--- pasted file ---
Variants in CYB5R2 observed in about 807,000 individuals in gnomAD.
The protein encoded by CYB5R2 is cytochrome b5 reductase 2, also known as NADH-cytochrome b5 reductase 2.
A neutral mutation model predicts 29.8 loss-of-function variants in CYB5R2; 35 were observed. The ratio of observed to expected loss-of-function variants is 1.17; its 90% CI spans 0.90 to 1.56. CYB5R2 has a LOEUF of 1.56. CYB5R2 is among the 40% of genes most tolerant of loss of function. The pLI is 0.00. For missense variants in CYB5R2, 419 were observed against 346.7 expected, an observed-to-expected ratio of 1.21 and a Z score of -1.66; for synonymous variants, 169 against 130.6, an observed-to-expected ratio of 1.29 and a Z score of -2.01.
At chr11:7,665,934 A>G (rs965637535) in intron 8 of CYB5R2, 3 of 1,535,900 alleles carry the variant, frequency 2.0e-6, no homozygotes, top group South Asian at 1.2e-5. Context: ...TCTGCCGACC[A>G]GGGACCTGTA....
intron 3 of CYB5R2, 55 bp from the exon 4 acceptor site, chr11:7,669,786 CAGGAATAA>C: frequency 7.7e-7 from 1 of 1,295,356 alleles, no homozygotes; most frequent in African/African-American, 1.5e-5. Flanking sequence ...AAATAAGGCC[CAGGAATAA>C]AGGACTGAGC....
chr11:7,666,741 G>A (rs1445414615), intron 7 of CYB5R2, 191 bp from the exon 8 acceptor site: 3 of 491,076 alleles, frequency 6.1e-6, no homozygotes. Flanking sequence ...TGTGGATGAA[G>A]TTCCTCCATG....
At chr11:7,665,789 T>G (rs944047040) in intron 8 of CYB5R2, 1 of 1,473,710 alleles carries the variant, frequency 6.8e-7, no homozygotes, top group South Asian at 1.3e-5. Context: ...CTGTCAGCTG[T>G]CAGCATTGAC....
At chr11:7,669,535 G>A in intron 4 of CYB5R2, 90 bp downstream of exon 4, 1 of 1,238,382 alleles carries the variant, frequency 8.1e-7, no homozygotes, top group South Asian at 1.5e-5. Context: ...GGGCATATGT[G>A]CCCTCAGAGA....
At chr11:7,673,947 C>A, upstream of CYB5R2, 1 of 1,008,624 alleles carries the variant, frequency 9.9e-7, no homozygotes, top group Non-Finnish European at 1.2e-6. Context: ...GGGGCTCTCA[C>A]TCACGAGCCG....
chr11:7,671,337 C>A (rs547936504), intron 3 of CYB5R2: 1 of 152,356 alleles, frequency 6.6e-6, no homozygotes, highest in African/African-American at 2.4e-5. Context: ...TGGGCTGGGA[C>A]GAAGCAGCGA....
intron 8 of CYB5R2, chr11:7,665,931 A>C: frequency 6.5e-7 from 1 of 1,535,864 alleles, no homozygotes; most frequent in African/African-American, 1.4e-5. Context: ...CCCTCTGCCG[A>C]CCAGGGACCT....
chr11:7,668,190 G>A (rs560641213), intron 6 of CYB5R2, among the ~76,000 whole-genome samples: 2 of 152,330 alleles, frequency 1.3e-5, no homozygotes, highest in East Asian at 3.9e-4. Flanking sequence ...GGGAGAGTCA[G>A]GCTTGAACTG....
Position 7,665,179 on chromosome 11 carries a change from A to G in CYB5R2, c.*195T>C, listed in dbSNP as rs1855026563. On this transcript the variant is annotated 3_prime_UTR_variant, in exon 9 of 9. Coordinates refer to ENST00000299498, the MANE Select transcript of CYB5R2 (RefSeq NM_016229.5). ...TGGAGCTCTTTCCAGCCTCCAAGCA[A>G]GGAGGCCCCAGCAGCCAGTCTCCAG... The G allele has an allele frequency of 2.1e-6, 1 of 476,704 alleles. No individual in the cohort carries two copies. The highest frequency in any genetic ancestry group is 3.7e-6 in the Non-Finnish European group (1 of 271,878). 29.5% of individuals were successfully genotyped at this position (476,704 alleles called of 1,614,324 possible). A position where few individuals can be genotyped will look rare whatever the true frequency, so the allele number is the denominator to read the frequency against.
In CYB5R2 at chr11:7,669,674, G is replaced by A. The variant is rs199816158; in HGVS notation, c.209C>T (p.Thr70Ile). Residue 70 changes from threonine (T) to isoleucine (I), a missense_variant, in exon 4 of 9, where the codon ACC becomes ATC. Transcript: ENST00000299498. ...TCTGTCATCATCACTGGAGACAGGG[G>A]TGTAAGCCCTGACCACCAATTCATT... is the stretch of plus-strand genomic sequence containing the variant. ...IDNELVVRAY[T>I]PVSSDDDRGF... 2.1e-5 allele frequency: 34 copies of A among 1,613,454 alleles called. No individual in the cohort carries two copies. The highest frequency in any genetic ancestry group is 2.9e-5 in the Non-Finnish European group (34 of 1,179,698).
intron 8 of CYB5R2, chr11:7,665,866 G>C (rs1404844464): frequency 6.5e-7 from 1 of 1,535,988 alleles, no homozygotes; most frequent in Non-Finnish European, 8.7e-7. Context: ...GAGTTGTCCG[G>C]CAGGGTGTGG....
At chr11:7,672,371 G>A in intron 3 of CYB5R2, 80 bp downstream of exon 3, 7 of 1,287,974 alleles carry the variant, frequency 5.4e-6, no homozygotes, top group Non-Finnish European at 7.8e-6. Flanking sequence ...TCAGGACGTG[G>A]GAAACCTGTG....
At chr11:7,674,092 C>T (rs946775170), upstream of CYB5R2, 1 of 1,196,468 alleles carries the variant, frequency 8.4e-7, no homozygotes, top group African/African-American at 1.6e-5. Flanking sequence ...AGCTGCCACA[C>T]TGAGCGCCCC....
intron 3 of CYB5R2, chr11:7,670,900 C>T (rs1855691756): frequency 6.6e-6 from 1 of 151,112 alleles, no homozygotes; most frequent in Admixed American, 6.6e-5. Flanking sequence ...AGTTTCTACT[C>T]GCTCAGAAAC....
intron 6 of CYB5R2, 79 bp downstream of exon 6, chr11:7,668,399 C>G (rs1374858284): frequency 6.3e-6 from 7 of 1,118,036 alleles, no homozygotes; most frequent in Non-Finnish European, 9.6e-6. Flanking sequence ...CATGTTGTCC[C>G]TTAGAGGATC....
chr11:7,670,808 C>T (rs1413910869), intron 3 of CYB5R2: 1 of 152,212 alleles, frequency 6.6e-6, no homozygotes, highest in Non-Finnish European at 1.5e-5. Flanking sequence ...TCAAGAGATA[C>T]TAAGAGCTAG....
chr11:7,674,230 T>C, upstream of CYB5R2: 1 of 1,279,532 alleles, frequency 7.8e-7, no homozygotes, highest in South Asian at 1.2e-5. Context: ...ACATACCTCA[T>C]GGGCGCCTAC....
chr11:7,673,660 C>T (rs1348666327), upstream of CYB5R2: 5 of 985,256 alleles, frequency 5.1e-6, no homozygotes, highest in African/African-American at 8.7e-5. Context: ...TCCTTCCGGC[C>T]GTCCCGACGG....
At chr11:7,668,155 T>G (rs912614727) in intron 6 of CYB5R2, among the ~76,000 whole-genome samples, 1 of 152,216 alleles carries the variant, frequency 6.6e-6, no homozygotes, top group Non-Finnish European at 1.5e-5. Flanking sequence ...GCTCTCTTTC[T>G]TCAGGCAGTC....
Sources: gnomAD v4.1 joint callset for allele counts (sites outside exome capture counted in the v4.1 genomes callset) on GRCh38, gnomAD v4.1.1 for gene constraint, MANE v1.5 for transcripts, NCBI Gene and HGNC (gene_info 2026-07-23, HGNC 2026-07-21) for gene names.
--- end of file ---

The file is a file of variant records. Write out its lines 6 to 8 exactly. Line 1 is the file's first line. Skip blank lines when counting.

chr11:7,666,741 G>A (rs1445414615), intron 7 of CYB5R2, 191 bp from the exon 8 acceptor site: 3 of 491,076 alleles, frequency 6.1e-6, no homozygotes. Flanking sequence ...TGTGGATGAA[G>A]TTCCTCCATG....
At chr11:7,665,789 T>G (rs944047040) in intron 8 of CYB5R2, 1 of 1,473,710 alleles carries the variant, frequency 6.8e-7, no homozygotes, top group South Asian at 1.3e-5. Context: ...CTGTCAGCTG[T>G]CAGCATTGAC....
At chr11:7,669,535 G>A in intron 4 of CYB5R2, 90 bp downstream of exon 4, 1 of 1,238,382 alleles carries the variant, frequency 8.1e-7, no homozygotes, top group South Asian at 1.5e-5. Context: ...GGGCATATGT[G>A]CCCTCAGAGA....